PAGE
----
Ex-battery hens in Melbourne?
We're just establishing a Linda Woodrow-type vegie garden, and are soon looking to get some chickens. The plan is that they would spend some of their time digging up our garden beds, and the rest of the time could wander around free range in the paddocks. We're in the process of arranging to get our local Safeway to give us some of the residual vegetables that they chuck out to feed them.
We were hoping that some of our chooks could be rescued ex-battery hens, and some not (we were thinking the latter could teach the former how to scratch and be chooks). Can anyone advise where one can rescue some ex-battery hens? We're in Monbulk (Dandenong Ranges), Victoria. Looks like Queensland has an active ex-battery hen adoption program, but from what I've read out on the internet, your best bet in Victoria is to go find a market where the battery farms are selling their chooks. I'm not at all sure how to find such a market, however.
Any ideas would be much appreciated!
Hi Marta - I don't know the answer to your question, but I thought you might like to know that there is a group of us using the Woodrow system who post in a group called Mandala Town. If you go to the Community Tab and look under Groups you'll find us there. Plenty of accumulated wisdom to share.
Thanks! I'll definitely check that out.
What is the "Woodrow" system?
It's a system of circular garden beds maintained by chickens in a chicken dome. I was browsing the internet a few months ago and came across this site which talked about it: http://www.small-farm-permaculture-a...egetables.html. I then ordered the book, which is an excellent read!
The book is the Permaculture Home Garden. The system she outlines is basically a fancy mandala with chooks that rotate between the beds held in a dome, fruit trees planted by each bed with fruiting times planned to coincide with the chooks so they get to eat the spoiled ones, and compost piles in between each bed. It's a great basic recipe for a beginner new to Permaculture. It was my introduction to it. She writes so elegantly and inspiringly that I couldn't put the book down and it has literally changed my life.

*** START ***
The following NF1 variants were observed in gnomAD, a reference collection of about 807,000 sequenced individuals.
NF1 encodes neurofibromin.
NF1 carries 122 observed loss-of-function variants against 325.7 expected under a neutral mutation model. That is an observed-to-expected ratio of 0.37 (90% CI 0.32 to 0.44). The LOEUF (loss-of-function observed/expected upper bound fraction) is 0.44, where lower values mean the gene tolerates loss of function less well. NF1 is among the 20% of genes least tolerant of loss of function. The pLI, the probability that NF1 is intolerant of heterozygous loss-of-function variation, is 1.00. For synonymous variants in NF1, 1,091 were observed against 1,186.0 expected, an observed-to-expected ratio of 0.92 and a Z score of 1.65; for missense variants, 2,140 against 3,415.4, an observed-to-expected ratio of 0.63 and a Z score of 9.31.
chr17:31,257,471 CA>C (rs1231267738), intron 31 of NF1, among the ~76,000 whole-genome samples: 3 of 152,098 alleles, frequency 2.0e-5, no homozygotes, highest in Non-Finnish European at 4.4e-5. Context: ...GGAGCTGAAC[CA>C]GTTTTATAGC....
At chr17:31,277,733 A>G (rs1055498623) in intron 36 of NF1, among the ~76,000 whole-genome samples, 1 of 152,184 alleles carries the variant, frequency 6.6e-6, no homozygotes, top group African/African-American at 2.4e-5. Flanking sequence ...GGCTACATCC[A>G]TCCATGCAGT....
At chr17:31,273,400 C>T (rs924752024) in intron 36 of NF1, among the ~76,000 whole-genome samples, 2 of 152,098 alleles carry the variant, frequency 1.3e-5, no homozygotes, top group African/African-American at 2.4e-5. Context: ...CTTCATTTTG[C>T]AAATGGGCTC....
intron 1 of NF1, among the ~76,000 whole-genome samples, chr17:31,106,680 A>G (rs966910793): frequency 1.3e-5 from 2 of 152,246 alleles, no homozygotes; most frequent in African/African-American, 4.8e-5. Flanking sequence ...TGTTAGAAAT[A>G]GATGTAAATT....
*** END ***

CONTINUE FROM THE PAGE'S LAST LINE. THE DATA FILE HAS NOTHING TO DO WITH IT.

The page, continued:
Purple Pear has a commercial sized system at his place using her plan.
Linda's blog is here.
Last edited by eco4560; 10-07-2011 at 07:58 PM.
Hmm, thank you. I seem to be having a problem suddenly with my tractor. This might be our new solution.
Hi Marta, Just curious how you went with thhis search. I'm currently looking at getting some chickens in Mooroolbark (not far from you) and thought about doing a rescue too. If you found anything of interest would you mind passing on your information. Kind regards, Melissa
Must have been a time warp with this message, as I already replied to you by email Anyway, just for completeness (in case others are also wondering), we couldn't find any battery hens - there's a group in QLD which rescue chickens and put them up for adoption, but nothing similar here in Victoria. I think you need to basically do a drive around of the various poultry farms and see what you find, or attend the right farmer's market at the right time.
We just got our chooks next week, from a local free range farm in Macclesfield.
Good luck, and if you find anything yourself, please post for future reference!
I think it's worth finding traditional breeds. My friend got some ex-battery highlines and they make me a bit sad: debeaked, not a clue what to do 'outside', really, really thick.
They sure do lay a lot though! I imagine after a few years they've exhausted themselves. I know commercial outfits dispose of their hens very young.
My mum had a light Sussex who laid she till keeled over when she was 12. I can't imagine a highline doing that.
It's also worth going for dual-purpose breeds, so when they're 'past it' you can make a nice soup...
Last edited by pippimac; 18-09-2011 at 08:37 PM.
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